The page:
Hatching Chicks: When Not To Help

Hatching new chicks can be exciting and sometimes nerve wracking, waiting for a little chick to crack its shell and fight its way out. It took me a long time to learn that sometimes helping was not helping at all.

Someone new to hatching might want to help peel away the shell or start a hole for the chick, but don’t do it. The chick needs the struggle to get him to be a healthy member of the flock.

In the early years, I was guilty of “helping”. I never forced a chick out, but twice I have weakened the shell walls thinking a struggling chick needed a helping hand. It doesn’t.

If it’s going to make it in this world and among his mates, he has to fight to be born. The two chicks I helped never thrived. In the end, one died on its own and the other I mercifully put down. They were weak. In time, the other chicks would’ve killed them. Birds will not tolerate weak members in their group.

In my current hatch, one chick struggled for hours, but in the end it gave up. I didn’t help it. I let him die trying to be born. It might seem cruel, but in the long run it’s actually a kindness.

There is only one time I’ll ever intervene. Once I move the pipping eggs to the hatchery, I watch closely to make sure their inner membrane doesn’t dry out before they’re born. If it dries, it’ll set like glue on the chick’s delicate body. The membrane is incredibly tough and will dry like a second skin binding the chick in its unborn position.

If birth takes longer than expected, I will wet the membrane with plain water and increase the humidity in their hatcher. This is usually enough to help them hatch.

I can’t count the number of times we’ve hatched chicks. We’ve hatched everything from rheas, emus, ducks, and chickens. Each one has a precise temperature, humidity, and incubation.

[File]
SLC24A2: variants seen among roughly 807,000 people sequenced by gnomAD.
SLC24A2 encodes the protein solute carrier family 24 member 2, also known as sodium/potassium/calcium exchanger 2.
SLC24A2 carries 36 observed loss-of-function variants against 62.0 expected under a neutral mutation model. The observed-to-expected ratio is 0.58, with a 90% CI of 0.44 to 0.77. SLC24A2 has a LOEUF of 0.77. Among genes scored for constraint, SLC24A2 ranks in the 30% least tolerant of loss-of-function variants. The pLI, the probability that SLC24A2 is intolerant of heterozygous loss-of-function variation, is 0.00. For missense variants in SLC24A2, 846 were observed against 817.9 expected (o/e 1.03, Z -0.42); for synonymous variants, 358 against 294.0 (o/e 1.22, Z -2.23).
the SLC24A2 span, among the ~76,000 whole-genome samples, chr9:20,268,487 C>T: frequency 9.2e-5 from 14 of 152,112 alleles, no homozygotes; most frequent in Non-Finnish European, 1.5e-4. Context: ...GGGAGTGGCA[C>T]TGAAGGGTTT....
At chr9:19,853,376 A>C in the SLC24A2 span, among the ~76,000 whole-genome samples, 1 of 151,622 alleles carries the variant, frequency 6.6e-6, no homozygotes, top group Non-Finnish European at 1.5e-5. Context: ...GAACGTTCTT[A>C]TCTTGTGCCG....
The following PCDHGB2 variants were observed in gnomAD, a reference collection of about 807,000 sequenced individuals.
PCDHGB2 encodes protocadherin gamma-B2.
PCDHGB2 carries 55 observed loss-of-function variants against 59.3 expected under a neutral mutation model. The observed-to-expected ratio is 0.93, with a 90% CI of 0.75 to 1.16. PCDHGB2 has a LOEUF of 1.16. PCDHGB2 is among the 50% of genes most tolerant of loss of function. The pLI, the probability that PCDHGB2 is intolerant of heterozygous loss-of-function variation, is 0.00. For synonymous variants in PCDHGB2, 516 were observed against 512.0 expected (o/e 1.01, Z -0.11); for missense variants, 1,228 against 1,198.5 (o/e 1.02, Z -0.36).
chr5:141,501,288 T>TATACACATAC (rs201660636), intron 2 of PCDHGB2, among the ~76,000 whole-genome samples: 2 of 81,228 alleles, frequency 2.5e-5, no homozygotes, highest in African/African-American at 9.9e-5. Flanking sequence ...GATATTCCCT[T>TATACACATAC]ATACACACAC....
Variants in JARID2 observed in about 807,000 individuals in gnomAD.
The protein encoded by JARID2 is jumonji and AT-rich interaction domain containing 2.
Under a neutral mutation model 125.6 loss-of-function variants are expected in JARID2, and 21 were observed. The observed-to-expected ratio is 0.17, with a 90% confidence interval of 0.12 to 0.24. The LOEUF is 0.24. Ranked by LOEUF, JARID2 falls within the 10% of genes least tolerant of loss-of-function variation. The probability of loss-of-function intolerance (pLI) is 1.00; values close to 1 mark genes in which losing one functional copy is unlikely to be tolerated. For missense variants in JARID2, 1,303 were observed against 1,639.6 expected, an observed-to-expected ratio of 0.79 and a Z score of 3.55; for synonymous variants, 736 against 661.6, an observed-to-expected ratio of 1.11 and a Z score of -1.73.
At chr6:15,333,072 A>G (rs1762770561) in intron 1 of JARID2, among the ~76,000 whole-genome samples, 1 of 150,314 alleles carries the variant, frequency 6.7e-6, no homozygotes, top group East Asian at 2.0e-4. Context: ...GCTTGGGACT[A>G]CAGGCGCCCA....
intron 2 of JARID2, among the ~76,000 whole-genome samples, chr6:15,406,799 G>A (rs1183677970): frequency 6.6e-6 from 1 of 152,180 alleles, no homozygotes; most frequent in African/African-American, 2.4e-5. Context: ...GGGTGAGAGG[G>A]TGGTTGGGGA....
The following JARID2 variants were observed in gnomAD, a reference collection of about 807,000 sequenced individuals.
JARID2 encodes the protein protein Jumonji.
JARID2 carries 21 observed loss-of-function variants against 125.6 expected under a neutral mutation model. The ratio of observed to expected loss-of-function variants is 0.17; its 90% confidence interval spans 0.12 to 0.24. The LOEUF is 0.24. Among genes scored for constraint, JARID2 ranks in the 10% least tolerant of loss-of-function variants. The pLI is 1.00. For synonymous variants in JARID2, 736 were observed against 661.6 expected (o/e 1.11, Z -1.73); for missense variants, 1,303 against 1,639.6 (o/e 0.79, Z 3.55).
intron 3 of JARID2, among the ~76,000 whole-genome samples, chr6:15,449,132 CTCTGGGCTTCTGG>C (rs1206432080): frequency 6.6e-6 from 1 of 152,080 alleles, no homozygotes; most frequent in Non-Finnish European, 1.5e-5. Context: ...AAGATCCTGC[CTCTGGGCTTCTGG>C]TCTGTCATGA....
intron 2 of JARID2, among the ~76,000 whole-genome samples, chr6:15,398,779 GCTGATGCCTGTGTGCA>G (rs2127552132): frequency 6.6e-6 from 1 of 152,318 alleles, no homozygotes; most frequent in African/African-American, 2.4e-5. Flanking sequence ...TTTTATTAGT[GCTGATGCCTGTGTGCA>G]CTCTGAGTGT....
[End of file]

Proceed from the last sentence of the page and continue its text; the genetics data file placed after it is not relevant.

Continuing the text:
We’re lucky that since we started with rhea years ago, we had already invested in a high quality, commercial incubator and hatcher. I’m glad we kept them. I know it’s helped a lot in having successful hatches.

Have you ever seen a chick hatch? If you’re a bird raiser, what have you hatched?

This isn’t a regular day to post for the Self Reliance Challenge, but I invite you to visit my blogging friends to see what they’re up to on their homesteads. Click on their blog names and check them out! The scheduled day to post for the Self Reliance Challenge was Friday, but I found myself more challenged than normal with one setback after another.

Not to worry. We’re on it, but it did make me not have the Challenge post I wanted to write. Maybe next time.

AnnMarie – 15 Acre Homestead

Nancy – Nancy On The Homefront

Kathi – Oak Hill Homestead

Robin – A Life in the Wild

Candy – Candy’s Farm House Pantry

Farmgal – Just another Day on the Farm

Ashley – Practical Self Reliance

ShawnaLee – Homegrown Self Reliance

Frank – My Green Terra

Lisa Lynn, our Host – The Self Sufficient HomeAcre

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  1. We hatched chicks, well our daughter did in the early days of our farm but I never had the patience for it. I preferred letting the hens take over and that was so fantastic, great experience.. Even had a fun time with my Bobwhite quail hatching their own eggs in captivity. That was more of a shock!

    • Carole: The thing I like best about letting a hen hatch her own chicks is that they are welcomed into the flock without any effort. If you introduce them from the outside, it takes a while for everyone to get along.

      My little coturnix is laying eggs now, but she isn’t interested in setting on them. I might try to incubate those few to see if they’re fertile.

  2. Michael Keyton

    There is nothing useful I can bring to the party here, Maria, but made fascinating reading. Grist to the novelist – scope for some horror perhaps 🙂

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